Of the three big players in the discount-store game, Kmart has famously been the big loser of late: It's filed for bankruptcy, announced plans to shutter hundreds of stores, and saw its CEO resign. Wal-Mart, hewing to a relentless focus on low price, is the category gorilla. And then there's Target, smaller but coming on strong, for reasons generally attributed to its hip, trendy image. A big part of Kmart's problem is that, in contrast to its rivals, the chain never seemed to settle on a definitive strategy or image. The company is making a fresh run at addressing these problems with some new ads, released to a good deal of attention a few weeks ago and directed by Spike Lee. You can see three of these spots
The Target ads: The new spots are a descendent of ones that I reviewed, positively, way back when: They mix color-saturated imagery, playing with the Target logo, against a backdrop of engaging music. The main difference is a cranking up of the general presence of the color red and a cranking down of specific brand mentions; the old ads were very clever in making Target seem like the coolest possible place to buy a box of Tide, but these offer more direct appeal on behalf of the chain's cheap-chic apparel offerings. "Jump" starts with jump-roping kids, segues to a woman on a swing, skateboarders, badminton players, and a Hula-Hooper, to an upbeat rock tune. "Beach" is a series of scenes from the seaside, finishing with the Target logo as the setting sun, to a slower rendition of the same song. Both alternate between color and red-and-white images and play aggressively with the logo; there are no brand names, and it's hard to tell if even the props are things one might buy at Target. In the "Boys" and "Girls" ads, real young men and women interact with graphics, usually against a bright red background and usually just looking adorable in outfits that I guess they bought at Target, as they pogo or toss boomerangs. The music in these two spots is by the Donnas.
The Kmart ads: There are three spots here, and they're all very similar. Each is a series of quick clips, alternating product shots (in a domestic setting), warm scenes from around the home, and average-shopper types of varying race and age speaking directly to the camera in fast snippets. An identical music track plays in each ad: generic, friendly guitar-strumming. We see Mom dancing with kids. We see Dad snuggling with baby in the kitchen. A woman says: "The best thing about family—it's yours. The worst thing? It's yours." (On the latter sentiment, we see a guy coming out to get the newspaper in his underwear.) An older man says, "If it's on a nice plate, any meal is special." We see some brands: Bounce, Tide, Bounty, and so on. "Is there such a thing as laundry elbow?" asks another mom. More comments: "A dollar should stretch—so should your pants." "Mom, also known as the human napkin." We see kids playing video games or hassling the family dog. And so on. Each commercial ends with the on-screen words: "Kmart: The Stuff of Life."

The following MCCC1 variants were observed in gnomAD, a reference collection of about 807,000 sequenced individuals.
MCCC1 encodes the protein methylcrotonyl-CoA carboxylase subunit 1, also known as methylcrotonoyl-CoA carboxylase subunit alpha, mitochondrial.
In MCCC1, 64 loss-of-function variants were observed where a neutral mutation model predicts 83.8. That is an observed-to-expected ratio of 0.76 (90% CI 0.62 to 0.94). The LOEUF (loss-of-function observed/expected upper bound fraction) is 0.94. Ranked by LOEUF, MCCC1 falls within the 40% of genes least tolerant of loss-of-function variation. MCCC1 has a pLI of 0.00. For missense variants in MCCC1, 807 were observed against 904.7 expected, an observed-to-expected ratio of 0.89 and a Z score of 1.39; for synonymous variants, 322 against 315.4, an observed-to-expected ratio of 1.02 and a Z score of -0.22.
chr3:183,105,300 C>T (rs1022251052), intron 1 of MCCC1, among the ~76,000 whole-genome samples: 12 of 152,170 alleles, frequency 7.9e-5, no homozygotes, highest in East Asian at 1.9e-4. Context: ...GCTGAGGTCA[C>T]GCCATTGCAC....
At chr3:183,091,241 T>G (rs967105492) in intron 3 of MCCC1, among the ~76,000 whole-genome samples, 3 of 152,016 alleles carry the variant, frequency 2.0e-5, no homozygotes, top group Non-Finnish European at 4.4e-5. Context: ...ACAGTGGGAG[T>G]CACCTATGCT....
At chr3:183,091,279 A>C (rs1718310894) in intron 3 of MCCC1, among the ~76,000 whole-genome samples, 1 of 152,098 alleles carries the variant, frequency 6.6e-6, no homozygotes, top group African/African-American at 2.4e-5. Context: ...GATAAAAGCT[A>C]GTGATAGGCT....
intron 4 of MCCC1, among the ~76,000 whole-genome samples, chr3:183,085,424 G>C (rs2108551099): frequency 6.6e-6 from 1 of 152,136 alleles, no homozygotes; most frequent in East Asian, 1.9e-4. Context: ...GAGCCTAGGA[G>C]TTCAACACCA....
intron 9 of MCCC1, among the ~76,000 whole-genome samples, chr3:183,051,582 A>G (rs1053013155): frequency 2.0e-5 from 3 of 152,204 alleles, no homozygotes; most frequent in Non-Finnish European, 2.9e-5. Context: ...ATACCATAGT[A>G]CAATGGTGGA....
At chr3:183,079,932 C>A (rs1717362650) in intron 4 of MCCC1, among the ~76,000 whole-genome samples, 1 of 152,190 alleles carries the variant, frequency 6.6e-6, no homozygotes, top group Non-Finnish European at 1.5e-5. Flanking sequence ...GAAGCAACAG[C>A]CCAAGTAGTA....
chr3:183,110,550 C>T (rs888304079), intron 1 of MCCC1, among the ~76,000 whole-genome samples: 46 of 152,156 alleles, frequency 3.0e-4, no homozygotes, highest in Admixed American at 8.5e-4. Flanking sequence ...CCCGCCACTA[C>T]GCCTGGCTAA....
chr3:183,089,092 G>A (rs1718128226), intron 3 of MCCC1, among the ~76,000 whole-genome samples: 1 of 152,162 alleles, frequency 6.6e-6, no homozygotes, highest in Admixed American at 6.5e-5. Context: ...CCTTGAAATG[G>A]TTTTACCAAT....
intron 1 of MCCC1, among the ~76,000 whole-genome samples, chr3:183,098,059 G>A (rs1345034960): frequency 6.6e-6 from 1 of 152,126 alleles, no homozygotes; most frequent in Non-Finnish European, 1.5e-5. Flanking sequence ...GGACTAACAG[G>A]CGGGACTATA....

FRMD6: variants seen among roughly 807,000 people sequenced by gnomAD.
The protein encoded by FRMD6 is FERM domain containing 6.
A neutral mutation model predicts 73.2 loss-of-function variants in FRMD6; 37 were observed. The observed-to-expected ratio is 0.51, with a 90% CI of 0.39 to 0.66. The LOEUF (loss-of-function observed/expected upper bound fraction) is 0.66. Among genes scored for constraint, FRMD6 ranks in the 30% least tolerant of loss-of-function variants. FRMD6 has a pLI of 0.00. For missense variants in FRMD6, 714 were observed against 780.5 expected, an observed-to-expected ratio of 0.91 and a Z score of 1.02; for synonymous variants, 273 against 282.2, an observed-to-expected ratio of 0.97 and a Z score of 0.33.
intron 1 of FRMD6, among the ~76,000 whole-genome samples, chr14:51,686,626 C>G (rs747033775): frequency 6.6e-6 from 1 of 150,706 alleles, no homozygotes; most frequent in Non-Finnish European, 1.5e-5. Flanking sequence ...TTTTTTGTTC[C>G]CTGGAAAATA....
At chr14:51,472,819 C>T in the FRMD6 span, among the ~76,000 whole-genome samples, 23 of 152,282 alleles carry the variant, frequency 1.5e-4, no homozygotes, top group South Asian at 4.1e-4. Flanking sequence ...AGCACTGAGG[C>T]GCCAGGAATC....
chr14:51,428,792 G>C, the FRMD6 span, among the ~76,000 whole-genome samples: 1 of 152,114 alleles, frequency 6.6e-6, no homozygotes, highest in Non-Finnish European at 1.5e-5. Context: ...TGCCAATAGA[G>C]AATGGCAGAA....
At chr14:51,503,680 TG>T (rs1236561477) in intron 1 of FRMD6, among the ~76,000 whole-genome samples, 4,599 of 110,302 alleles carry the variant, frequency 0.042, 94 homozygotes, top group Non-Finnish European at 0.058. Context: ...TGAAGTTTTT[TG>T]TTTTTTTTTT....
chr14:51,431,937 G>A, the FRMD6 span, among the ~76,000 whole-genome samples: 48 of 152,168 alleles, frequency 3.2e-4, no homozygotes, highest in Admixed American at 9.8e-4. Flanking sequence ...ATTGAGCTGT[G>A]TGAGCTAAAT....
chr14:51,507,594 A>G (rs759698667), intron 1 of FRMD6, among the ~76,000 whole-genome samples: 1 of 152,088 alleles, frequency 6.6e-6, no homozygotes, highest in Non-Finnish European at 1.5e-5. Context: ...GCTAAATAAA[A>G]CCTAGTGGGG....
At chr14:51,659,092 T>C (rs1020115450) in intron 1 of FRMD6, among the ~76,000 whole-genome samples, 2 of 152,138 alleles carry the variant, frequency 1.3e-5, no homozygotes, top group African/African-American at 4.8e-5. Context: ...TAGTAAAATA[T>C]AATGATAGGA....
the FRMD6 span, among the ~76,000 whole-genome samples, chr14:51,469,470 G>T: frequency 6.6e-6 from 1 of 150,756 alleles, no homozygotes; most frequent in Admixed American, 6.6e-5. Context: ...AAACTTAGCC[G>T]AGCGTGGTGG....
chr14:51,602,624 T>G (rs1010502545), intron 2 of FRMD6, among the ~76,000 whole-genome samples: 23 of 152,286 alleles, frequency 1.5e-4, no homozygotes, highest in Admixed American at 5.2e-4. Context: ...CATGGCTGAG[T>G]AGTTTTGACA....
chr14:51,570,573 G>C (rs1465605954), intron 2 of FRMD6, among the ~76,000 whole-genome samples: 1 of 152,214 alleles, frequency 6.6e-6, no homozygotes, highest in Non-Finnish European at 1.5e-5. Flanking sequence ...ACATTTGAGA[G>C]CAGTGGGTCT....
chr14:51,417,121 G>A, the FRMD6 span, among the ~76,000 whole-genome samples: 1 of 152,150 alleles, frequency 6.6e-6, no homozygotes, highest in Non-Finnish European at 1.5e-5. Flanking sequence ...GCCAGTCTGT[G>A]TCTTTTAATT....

Spiked? I actually had to go back and double-check that Spike Lee directed the Kmart spots because they seem so timid. Lee has created brilliantly funny, instantly recognizable, and thoroughly memorable ads for Nike and others. Perhaps because of this, I had assumed that tapping him meant Kmart was going to push in a truly fresh direction. But that's not really the case. If you strain you can sort of detect his influence in the pacing and some of the (very mild) humor, but it seems to me these ads could have been directed by anybody and that they could have run at any point in Kmart's history; there's almost nothing new about them at all. "The Stuff of Life"? That sounds like a rejected Sears slogan, for crying out loud. If Kmart wanted to make an image splash, why not try something a little more noticeable? If you can't take a risk when you're already bankrupt, when can you take a risk?
Target practice: The Target spots are far more successful at standing out. And while they don't strike me as being quite as original as those ads I reviewed a while back, that's probably a bit unfair. Any clever campaign always runs up against the problem of wearing out its welcome, and Target's doing a relatively good job of keeping things both interesting and somewhat consistent at the same time. The most striking thing is how much energy the spots have, still somehow suggesting that there's some kind of crazy, ravelike party going on at Target, and if you hurry on down, you might meet someone cute. Of course, if Target's marketing pushes too far in this direction, it's going to tumble into self-parody territory and lose touch with the fact that the product here, after all, is a discount store. The last retailer to get elevated from workaday merchandiser to self-styled fashion icon, partly on the strength of distinctive advertising, was the Gap—and that didn't work out so well.